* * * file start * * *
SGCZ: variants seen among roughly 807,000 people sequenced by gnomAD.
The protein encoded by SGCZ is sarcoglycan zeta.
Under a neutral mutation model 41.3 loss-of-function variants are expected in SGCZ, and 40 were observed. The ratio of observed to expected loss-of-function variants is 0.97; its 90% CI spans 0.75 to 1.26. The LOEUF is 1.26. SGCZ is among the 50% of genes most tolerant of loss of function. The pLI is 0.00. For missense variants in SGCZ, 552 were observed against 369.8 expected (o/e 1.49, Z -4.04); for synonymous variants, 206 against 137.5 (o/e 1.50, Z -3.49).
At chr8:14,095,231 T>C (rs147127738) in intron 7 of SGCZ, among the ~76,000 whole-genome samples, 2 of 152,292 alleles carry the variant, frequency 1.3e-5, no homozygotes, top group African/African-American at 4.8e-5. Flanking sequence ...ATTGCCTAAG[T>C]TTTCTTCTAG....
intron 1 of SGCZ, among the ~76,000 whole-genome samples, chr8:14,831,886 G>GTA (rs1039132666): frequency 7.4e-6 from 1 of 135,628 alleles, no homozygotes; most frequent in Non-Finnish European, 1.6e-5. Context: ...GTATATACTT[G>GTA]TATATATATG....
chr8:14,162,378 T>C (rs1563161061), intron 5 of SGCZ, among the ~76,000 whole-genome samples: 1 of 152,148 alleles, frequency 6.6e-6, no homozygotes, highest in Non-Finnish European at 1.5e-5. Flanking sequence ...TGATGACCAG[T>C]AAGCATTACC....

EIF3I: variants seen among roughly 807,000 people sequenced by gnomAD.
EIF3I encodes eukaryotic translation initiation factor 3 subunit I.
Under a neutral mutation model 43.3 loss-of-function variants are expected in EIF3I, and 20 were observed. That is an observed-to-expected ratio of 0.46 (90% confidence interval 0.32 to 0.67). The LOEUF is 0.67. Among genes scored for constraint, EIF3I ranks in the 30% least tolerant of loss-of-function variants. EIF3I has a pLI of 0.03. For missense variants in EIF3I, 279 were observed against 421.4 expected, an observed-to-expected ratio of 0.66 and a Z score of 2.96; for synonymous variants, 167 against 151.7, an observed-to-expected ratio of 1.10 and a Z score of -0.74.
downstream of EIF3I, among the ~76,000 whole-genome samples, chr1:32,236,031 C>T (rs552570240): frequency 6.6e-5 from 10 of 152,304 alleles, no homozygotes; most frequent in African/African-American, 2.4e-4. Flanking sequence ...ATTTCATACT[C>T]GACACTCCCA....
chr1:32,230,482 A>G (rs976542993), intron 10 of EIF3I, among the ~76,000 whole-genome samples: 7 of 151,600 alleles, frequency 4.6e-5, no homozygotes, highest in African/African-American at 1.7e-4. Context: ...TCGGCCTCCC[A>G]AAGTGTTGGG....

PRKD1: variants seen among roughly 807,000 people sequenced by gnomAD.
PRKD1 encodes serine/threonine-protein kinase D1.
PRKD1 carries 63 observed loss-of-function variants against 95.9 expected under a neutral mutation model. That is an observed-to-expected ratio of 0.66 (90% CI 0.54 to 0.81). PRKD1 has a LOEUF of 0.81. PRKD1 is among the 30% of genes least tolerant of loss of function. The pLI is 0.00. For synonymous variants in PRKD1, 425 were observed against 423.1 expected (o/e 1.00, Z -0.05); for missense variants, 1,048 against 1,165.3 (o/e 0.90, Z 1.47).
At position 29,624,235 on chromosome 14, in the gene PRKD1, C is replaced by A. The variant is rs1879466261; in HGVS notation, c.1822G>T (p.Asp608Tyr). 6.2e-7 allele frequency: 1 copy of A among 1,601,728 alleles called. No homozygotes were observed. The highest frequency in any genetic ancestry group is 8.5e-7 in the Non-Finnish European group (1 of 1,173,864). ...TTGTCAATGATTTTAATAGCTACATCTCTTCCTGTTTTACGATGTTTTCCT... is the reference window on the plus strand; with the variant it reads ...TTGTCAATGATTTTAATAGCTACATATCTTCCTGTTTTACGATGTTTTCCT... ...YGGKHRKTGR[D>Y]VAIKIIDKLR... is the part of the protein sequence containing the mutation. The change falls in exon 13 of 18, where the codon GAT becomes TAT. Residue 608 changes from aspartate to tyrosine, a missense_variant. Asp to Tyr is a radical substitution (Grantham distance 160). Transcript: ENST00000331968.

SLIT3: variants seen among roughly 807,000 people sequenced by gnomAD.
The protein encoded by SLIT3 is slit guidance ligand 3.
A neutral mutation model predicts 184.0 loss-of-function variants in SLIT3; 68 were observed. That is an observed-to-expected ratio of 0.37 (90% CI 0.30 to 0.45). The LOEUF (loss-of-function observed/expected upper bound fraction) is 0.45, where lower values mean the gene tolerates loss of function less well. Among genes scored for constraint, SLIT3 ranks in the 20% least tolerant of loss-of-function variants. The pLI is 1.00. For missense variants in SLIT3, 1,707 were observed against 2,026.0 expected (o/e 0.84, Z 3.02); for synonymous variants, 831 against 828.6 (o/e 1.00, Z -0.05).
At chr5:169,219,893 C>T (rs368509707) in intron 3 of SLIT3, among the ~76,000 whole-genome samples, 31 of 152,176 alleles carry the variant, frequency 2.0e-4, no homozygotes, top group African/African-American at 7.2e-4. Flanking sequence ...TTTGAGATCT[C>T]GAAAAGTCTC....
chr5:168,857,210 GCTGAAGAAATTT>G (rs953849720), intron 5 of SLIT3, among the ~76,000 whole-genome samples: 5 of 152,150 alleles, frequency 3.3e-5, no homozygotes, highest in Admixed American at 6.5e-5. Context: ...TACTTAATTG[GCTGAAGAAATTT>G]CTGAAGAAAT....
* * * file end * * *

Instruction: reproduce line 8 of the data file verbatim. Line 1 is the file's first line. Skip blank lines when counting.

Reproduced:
EIF3I encodes eukaryotic translation initiation factor 3 subunit I.